The big question is what is Zika and why it can be dangerous.
Here are the things you need to know:
The virus is transmitted to people through the bite of infected female Aedes mosquitoes, the same type of mosquito that spreads dengue, chikungunya and yellow fever.
First identified in Uganda in 1947, this dengue-like infection was considered non-threatening for decades because it caused mild fever, skin rash, with or without muscle and joint pain in roughly one in five people affected.
The current outbreak in South America, from where the disease has spread to 23 countries within a year, changed that. The infection has caused panic because of its suspected link to microcephaly, a condition in which babies are born with abnormally small heads and brain damage.
While it’s still not confirmed that Zika causes microcephaly, research in Brazil has shown that the virus can jump from the mother to the baby in the womb.
-> About 1 in 5 people infected with Zika virus become ill (i.e., develop Zika).
-> The most common symptoms of Zika are fever, rash, joint pain, or conjunctivitis (red eyes). Other common symptoms include muscle pain and headache. The incubation period (the time from exposure to symptoms) for –> Zika virus disease is not known but is likely to be a few days to a week.
-> The illness is usually mild with symptoms lasting for several days to a week.
-> Zika virus usually remains in the blood of an infected person for a few days but it can be found longer in some people.
-> Severe disease requiring hospitalization is uncommon.
-> Deaths are rare.
-> See your healthcare provider if you develop the symptoms described above and have visited an area where Zika is found.
-> If you have recently traveled, tell your healthcare provider when and where you traveled.
-> Your healthcare provider may order blood tests to look for Zika or other similar viruses like dengue or chikungunya.
-> No vaccine or medications are available to prevent or treat Zika infections.
Treat the symptoms:
-> Get plenty of rest.
-> Drink fluids to prevent dehydration.
-> Take medicine such as acetaminophen to relieve fever and pain.
-> Do not take aspirin and other non-steroidal anti-inflammatory drugs (NSAIDs), like ibuprofen and naproxen. Aspirin and NSAIDs should be avoided until dengue can be ruled out to reduce the risk of hemorrhage (bleeding). If you are taking medicine for another medical condition, talk to your healthcare provider before taking additional medication.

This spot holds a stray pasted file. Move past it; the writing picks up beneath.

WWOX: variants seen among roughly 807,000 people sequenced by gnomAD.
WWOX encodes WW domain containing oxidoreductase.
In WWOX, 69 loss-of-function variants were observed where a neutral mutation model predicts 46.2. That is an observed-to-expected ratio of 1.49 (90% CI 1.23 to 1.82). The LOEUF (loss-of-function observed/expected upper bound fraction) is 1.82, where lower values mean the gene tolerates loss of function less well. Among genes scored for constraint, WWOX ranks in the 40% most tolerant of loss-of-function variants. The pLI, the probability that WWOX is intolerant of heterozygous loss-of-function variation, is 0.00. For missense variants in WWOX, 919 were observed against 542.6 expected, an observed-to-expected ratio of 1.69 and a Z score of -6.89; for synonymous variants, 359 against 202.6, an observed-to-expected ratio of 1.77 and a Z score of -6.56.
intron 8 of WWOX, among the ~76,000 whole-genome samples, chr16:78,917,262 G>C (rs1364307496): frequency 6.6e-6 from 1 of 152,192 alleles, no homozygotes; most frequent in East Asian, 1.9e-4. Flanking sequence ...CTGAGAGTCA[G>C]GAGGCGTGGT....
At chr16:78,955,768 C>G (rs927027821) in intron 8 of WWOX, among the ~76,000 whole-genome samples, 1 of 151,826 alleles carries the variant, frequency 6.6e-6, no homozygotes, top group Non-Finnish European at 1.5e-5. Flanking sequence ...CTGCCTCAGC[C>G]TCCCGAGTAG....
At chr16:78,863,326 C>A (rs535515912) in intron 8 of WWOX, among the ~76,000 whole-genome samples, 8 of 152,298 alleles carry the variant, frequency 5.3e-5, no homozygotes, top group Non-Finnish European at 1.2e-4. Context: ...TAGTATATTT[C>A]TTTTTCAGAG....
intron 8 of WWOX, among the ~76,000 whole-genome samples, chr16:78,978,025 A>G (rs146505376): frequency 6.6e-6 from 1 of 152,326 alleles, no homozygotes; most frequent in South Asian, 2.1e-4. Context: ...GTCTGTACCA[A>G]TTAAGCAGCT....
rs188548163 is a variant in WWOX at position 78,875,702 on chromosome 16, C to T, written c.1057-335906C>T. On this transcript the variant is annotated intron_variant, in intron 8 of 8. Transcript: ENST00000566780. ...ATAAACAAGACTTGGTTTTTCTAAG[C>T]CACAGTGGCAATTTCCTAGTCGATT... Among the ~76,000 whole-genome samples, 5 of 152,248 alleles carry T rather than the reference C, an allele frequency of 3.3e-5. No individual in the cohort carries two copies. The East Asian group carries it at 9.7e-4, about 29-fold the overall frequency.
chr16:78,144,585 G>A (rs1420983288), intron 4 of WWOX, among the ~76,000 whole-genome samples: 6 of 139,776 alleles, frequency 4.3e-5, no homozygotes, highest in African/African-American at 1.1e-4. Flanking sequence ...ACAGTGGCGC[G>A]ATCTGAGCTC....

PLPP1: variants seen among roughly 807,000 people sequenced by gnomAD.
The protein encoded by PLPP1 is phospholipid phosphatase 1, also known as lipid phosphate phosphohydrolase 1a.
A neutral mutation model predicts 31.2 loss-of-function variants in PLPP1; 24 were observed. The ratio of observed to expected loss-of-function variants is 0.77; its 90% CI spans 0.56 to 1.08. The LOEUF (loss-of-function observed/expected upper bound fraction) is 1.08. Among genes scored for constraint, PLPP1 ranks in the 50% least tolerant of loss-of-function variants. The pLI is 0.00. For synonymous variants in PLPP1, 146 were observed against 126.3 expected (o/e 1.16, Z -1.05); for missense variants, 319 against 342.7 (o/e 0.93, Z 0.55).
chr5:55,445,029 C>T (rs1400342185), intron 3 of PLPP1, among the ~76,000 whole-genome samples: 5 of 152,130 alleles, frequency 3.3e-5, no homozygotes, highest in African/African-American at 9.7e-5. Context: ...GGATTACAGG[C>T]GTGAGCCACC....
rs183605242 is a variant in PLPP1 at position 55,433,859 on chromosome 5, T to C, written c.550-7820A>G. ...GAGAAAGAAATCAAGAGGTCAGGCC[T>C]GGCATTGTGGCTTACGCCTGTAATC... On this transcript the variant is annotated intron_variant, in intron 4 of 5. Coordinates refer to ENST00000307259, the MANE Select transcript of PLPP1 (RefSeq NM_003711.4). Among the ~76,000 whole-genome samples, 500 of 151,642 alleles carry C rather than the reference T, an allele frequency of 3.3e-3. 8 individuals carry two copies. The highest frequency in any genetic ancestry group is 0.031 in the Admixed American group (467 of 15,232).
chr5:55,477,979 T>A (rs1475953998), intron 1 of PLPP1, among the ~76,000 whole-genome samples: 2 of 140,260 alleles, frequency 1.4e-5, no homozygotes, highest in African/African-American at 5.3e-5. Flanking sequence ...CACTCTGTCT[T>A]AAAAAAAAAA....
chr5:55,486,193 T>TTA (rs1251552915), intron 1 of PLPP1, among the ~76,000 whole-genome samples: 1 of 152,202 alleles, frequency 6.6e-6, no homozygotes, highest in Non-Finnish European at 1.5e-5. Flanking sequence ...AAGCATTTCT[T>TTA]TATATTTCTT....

-> If you have Zika, prevent mosquito bites for the first week of your illness.
-> During the first week of infection, Zika virus can be found in the blood and passed from an infected person to another mosquito through mosquito bites.
-> An infected mosquito can then spread the virus to other people.
Mosquitoes and their breeding sites pose a significant risk factor for Zika virus infection. Prevention and control rely on reducing mosquitoes through source reduction (removal and modification of breeding sites) and reducing contact between mosquitoes and people.
This can be done by using insect repellent; wearing clothes (preferably light-coloured) that cover as much of the body as possible; using physical barriers such as screens, closed doors and windows; and sleeping under mosquito nets. It is also important to empty, clean or cover containers that can hold water such as buckets, flower pots or tyres so that places, where mosquitoes can breed, are removed.
Special attention and help should be given to those who may not be able to protect themselves adequately, such as young children, the sick or elderly.
During outbreaks, health authorities may advise that spraying of insecticides be carried out. Insecticides recommended by the WHO Pesticide Evaluation Scheme may also be used as larvicides to treat relatively large water containers.
Travellers should take the basic precautions described above to protect themselves from mosquito bites.